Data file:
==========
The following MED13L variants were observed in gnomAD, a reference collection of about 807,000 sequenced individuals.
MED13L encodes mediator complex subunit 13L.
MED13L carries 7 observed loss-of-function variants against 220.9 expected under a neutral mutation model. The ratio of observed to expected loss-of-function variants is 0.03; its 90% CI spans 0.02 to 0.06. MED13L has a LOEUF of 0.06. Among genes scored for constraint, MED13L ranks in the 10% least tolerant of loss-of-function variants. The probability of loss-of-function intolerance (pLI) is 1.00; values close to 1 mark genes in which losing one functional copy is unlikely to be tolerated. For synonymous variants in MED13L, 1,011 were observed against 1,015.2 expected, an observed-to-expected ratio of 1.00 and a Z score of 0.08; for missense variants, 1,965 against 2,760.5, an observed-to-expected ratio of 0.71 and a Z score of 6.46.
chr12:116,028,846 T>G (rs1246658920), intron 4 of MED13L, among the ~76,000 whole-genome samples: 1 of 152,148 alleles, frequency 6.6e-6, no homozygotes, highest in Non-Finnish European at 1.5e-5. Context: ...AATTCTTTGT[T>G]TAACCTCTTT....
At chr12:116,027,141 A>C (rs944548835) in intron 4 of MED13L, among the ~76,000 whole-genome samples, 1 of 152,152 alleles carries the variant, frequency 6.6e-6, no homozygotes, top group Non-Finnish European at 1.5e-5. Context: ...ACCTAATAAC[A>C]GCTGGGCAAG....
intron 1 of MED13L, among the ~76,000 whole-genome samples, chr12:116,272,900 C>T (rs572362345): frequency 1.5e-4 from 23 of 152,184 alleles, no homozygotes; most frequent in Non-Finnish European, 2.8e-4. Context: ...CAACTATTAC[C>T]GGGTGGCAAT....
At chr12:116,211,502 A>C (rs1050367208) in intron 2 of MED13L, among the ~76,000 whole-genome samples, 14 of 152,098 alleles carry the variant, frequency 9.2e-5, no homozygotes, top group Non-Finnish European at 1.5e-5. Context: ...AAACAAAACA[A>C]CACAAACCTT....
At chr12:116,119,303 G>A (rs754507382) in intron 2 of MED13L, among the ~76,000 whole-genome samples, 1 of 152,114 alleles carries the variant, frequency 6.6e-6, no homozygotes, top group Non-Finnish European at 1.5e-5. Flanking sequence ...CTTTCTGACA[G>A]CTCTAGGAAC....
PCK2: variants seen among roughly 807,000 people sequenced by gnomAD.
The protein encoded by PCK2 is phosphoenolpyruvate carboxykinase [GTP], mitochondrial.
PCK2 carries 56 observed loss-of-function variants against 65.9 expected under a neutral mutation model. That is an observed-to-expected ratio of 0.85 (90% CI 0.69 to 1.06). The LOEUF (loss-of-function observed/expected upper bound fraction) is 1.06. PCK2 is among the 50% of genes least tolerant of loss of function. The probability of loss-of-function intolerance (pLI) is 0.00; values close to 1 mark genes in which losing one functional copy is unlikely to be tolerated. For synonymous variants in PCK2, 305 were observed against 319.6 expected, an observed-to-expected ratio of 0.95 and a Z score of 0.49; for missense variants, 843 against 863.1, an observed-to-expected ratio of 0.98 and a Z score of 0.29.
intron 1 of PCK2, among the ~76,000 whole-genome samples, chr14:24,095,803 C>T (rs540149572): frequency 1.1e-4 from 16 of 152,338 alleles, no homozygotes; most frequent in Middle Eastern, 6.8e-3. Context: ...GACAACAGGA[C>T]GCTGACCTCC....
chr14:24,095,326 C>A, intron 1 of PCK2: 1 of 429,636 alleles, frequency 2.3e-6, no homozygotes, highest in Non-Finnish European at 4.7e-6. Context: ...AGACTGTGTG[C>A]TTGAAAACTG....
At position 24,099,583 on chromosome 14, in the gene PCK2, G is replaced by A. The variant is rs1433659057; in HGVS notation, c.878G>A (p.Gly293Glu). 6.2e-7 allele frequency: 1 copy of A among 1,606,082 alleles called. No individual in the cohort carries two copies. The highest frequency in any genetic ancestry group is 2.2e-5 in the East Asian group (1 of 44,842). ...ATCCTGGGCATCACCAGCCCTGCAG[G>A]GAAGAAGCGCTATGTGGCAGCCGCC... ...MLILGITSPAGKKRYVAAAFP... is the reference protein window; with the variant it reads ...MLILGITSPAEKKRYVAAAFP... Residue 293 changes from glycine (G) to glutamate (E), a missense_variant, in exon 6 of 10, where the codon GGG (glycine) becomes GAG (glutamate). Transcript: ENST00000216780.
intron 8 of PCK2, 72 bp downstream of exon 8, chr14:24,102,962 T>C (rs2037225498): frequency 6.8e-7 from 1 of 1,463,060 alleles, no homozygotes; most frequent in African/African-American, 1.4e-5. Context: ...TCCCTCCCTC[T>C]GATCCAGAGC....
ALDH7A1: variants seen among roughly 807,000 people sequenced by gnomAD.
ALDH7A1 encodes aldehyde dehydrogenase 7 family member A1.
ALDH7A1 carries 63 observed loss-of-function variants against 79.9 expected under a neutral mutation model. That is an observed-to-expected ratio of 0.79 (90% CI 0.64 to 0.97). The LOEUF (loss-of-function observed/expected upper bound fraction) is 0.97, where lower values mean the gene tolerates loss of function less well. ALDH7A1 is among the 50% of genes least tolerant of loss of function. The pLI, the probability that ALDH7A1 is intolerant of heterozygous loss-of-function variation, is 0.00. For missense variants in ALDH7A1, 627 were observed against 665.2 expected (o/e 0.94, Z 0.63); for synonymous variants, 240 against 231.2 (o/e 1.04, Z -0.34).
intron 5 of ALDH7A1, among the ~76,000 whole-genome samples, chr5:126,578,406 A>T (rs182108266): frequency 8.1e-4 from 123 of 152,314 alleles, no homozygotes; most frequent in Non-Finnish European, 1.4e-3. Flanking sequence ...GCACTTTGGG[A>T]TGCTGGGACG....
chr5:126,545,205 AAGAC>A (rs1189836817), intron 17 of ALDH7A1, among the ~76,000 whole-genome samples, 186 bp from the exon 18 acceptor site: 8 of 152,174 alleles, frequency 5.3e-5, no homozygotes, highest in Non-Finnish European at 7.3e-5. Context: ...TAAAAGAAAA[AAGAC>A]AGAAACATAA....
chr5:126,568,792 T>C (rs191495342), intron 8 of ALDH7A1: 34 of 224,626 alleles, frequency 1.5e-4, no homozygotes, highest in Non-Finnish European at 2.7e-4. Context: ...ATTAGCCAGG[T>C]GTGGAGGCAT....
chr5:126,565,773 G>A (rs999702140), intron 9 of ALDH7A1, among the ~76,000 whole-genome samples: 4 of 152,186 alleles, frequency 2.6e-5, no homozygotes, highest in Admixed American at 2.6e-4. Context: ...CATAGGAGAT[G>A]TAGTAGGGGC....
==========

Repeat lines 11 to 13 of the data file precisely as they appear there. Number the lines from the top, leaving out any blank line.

PCK2 carries 56 observed loss-of-function variants against 65.9 expected under a neutral mutation model. That is an observed-to-expected ratio of 0.85 (90% CI 0.69 to 1.06). The LOEUF (loss-of-function observed/expected upper bound fraction) is 1.06. PCK2 is among the 50% of genes least tolerant of loss of function. The probability of loss-of-function intolerance (pLI) is 0.00; values close to 1 mark genes in which losing one functional copy is unlikely to be tolerated. For synonymous variants in PCK2, 305 were observed against 319.6 expected, an observed-to-expected ratio of 0.95 and a Z score of 0.49; for missense variants, 843 against 863.1, an observed-to-expected ratio of 0.98 and a Z score of 0.29.
intron 1 of PCK2, among the ~76,000 whole-genome samples, chr14:24,095,803 C>T (rs540149572): frequency 1.1e-4 from 16 of 152,338 alleles, no homozygotes; most frequent in Middle Eastern, 6.8e-3. Context: ...GACAACAGGA[C>T]GCTGACCTCC....
chr14:24,095,326 C>A, intron 1 of PCK2: 1 of 429,636 alleles, frequency 2.3e-6, no homozygotes, highest in Non-Finnish European at 4.7e-6. Context: ...AGACTGTGTG[C>A]TTGAAAACTG....